Participants indicated that the reentry program had increased their scientific expertise, laboratory techniques, grant writing skills, and networking. Qualitative feedback provided by respondents suggested that the program provided ample opportunity for awardees to professionally reengage, and that the experience was marked by both expected and serendipitous moments of professional development by virtue of immersion in laboratory activities. Participants also remarked that the supplement provided a financial incentive for principal investigators to seek out and encourage a return of lost talent to the lab.
Although the majority of reentry participants viewed their experiences favorably, the NIH received valuable feedback from the 10% who indicated that they would be hesitant to recommend the program to a colleague. Feedback from these respondents overwhelmingly focused on mentoring challenges and factors related to a perceived mismatch in fit with a mentor or that of the lab culture and dynamics. To this end, the NIH made clarifications to the role of mentoring in the revision to the administrative supplement in August 2015.11 Specifically, the research plan must indicate plans to provide opportunities for the candidate’s development as a productive researcher, and it also must indicate that the PI is willing to provide appropriate mentorship.11 A key challenge remains regarding reaching potential candidates and facilitating a match between candidates and active principal investigators. The ORWH and its NIH ICO partners conducted a social media campaign and outreach to university departments and scientific societies in an attempt to reach potential candidates.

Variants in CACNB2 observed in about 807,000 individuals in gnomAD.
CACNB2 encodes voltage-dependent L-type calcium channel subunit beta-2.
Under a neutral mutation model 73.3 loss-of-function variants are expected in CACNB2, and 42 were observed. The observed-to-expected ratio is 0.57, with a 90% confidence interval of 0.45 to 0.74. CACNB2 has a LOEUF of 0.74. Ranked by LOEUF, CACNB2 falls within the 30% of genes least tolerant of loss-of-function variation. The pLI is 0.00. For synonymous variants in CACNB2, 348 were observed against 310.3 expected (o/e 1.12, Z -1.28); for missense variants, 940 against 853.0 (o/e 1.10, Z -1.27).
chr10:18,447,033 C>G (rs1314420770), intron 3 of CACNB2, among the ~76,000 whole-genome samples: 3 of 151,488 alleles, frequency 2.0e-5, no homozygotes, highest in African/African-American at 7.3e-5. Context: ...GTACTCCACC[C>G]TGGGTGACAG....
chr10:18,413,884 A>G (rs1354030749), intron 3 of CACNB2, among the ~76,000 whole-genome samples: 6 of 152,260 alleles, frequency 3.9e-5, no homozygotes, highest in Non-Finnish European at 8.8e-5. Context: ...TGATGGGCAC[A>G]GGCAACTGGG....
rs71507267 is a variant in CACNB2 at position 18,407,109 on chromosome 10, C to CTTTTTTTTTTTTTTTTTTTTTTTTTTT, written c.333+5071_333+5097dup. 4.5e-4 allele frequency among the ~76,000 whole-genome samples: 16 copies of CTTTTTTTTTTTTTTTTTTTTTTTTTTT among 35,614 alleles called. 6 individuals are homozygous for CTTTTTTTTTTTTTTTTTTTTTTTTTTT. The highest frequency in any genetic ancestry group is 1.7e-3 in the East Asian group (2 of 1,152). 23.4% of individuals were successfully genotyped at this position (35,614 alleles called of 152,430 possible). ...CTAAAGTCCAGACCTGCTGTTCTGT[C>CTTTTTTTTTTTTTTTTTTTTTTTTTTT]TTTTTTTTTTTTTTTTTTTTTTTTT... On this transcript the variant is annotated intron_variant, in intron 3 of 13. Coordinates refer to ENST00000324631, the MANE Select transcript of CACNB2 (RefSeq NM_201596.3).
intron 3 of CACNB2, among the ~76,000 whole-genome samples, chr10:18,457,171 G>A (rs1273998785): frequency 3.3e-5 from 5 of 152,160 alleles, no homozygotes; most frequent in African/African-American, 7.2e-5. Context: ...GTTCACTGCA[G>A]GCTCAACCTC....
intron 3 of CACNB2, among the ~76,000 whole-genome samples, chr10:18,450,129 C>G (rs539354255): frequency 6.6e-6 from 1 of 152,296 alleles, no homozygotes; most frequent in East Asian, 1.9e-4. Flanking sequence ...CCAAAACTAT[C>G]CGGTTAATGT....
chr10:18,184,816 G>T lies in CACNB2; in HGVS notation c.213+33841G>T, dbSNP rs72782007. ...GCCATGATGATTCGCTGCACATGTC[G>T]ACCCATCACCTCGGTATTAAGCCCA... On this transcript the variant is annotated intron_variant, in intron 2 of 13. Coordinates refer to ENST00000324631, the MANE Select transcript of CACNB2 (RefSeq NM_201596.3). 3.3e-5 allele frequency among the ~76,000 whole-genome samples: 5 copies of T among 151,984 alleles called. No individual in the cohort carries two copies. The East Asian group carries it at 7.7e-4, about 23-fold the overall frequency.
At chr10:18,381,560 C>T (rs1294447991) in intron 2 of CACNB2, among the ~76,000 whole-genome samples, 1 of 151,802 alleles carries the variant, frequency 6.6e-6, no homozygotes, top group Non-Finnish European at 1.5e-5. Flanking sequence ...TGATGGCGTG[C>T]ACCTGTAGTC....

Together, these data suggest that the NIH reentry program provides a mechanism for individuals to successfully reenter the biomedical or behavioral research workforce following a qualifying hiatus.
Building Interdisciplinary Research Careers in Women’s Health
The ORWH promotes career development for junior scholars by leveraging existing synergies to support women’s health in the BIRCWH program. Launched in 1999, BIRCWH is a trans-NIH mentored career development program that seeks to connect junior faculty BIRCWH scholars to senior faculty members with shared interests in women’s health or sex differences research.5–8 Programmatic support for BIRCWH is provided by the ORWH, while grants management resides within the Eunice Kennedy Shriver National Institute of Child Health and Human Development (NICHD). In addition to the ORWH and NICHD, BIRCWH has been supported by the Agency for Healthcare Research and Quality, nine NIH institutes, and the NIH Office of Dietary Supplements. At the end of 2014, there were 27 active BIRCWH programs across the United States.
Since its inception, the ORWH has invested over $118 million in support of research conducted through the BIRCWH program, funding 77 BIRCWH programs at 39 different institutions. BIRCWH has supported 580 scholars, with 106 involved in the program at the end of 2014. Although BIRCWH was not specifically formed as a program to support the careers of women, they make up the majority of BIRCWH scholars (80%; 464 scholars). BIRCWH scholars also come from diverse educational backgrounds (Figure 1A). Scholars with a PhD received their degrees in a wide range of fields including the life sciences, social sciences, and engineering. Furthermore, scholars with an MD (including MD/PhD) represent 16 medical specialties.